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Imagine a vaccine for smokers. Chain smokers would take an immunization against nicotine addiction and the next time they lit up, they would feel nothing

Scientists Report Immunizations to Treat Addiction Tantalizingly Close

Or imagine a vaccine against methamphetamines. Crack addicts would take a shot of a vaccine instead of meth and feel nothing, no high, no paranoia, no euphoria, no crash.

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For nearly three decades, Dr. Kim D. Janda, a professor at the Scripps Research Institute in San Diego, has made the hunt for a simple vaccination to stop addiction his life's work. Dr. Janda envisions treatments that would work the same way as vaccinations against infectious disease. An injection would expose the immune system to small amounts of an addictive drug, and then make antibodies that would destroy it.

And because doctors now regard drug addiction as the result of physical changes in the brain, the medical establishment has renewed interest in an immunization-based approach to one of America's leading health problems. The hope is that meth addiction and cocaine addiction will go the way of measles and mumps and become reminders of another era in public health history.

Dr. Janda's Cocaine Immunization

In January of 2011, Kim Janda and his colleagues published a paper in the medical journal Molecular Therapy about a vaccination that can stop cocaine abuse cold—at least in mice. The molecule in cocaine that acts on the brain is so small that the immune system does not recognize it. Janda and his colleagues engineered an adenovirus (the kind of virus that causes sore throats and sinus infections) so that it had cocaine grafted onto its DNA.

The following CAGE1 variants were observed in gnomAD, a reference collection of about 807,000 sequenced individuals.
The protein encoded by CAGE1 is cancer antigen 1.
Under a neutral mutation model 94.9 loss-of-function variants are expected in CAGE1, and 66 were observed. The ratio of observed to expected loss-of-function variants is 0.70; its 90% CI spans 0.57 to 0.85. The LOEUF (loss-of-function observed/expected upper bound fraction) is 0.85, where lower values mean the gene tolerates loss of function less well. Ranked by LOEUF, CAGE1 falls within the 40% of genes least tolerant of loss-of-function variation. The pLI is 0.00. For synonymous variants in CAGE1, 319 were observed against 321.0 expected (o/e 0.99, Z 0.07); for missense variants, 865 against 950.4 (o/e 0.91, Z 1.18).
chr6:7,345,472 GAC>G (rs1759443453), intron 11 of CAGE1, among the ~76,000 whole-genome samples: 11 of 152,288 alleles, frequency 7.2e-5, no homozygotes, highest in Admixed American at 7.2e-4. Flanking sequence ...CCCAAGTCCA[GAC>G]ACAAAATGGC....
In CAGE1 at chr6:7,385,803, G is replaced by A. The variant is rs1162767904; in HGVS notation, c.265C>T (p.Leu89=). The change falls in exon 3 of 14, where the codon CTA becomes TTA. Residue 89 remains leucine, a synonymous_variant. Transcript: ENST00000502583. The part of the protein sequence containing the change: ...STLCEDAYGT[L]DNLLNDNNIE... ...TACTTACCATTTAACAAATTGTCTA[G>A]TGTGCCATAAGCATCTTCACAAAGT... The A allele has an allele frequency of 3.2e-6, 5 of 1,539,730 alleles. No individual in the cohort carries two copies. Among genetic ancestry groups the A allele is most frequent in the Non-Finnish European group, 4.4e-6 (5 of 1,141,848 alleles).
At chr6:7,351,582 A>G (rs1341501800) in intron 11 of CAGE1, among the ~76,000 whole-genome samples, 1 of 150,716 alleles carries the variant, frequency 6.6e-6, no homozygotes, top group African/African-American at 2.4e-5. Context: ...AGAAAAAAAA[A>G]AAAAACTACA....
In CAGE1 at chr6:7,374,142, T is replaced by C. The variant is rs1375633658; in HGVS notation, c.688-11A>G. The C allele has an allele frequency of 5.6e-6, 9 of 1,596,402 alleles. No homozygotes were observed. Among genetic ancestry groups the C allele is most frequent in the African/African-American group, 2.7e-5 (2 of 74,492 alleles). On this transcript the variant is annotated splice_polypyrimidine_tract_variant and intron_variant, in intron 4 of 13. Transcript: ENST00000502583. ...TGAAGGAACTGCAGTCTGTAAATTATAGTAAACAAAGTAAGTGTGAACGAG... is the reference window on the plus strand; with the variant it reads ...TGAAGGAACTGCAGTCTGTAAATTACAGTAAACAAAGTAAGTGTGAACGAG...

The doctors then gave the virus to mice. Their immune systems learned to attack cocaine the same way they attacked adenoviruses, destroying cocaine before it could reach the brain. This laboratory trial confirms the work of other researchers also searching for a cure for cocaine addiction.

The Importance of Treating Cocaine Addiction

There is no doubt that cocaine abuse is a serious health problem. Cocaine is extremely addictive. Once cocaine gets into the bloodstream, it easily passes the protective blood-brain barrier and begins to accumulate in the brain. It builds up in the reward centers of the brain such as the nucleus acumbens. It locks to receptors in brain tissues to keep them from recycling the reward chemical dopamine, so that there is a greater and greater sense of satisfaction, much like that which is derived from sex, winning at gambling, or thrill-seeking activities.

The rush of pleasure starts just a few seconds after cocaine enters the brain, and lasts for several minutes. Most users say they have never experienced a more pleasurable feeling than that first hit of cocaine. Then users want more—and nearly 6.4 million people in the United States alone are addicted to cocaine for the high they have come to depend on. Many lose their money, their possessions, their jobs, and their families constantly seeking the euphoric high that only lasts a few minutes.

There is no step-down treatment like methadone for heroin to help people come off cocaine. And even Dr. Janda's treatment does not make recovery painless. However, an immunization to cocaine after recovery might help addicts in recovery keep from making a slip back into addiction.

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  • Hicks MJ, De BP, Rosenberg JB, Davidson JT, Moreno AY, Janda KD, Wee S, Koob GF, Hackett NR, Kaminsky SM, Worgall S, Toth M, Mezey JG, Crystal RG. Cocaine analog coupled to disrupted adenovirus: a vaccine strategy to evoke high-titer immunity against addictive drugs. Mol Ther. 2011 Mar, 19(3):612-9. Epub 2011 Jan 4.
  • Photo courtesy of Sanofi Pasteur on Flickr: www.flickr.com/photos/sanofi-pasteur/5570806015